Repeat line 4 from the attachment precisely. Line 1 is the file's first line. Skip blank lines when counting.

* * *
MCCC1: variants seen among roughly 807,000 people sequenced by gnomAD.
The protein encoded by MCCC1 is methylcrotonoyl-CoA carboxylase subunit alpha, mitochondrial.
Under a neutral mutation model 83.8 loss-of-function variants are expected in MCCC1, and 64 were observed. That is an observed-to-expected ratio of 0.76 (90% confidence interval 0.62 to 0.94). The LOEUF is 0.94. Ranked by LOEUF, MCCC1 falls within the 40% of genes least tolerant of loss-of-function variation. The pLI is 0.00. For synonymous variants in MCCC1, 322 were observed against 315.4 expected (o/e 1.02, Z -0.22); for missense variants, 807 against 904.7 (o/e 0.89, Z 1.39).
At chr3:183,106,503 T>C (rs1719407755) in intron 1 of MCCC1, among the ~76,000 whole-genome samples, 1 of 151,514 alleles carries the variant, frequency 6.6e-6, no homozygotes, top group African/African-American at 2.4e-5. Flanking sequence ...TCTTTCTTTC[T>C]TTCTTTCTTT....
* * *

At chr3:183,106,503 T>C (rs1719407755) in intron 1 of MCCC1, among the ~76,000 whole-genome samples, 1 of 151,514 alleles carries the variant, frequency 6.6e-6, no homozygotes, top group African/African-American at 2.4e-5. Flanking sequence ...TCTTTCTTTC[T>C]TTCTTTCTTT....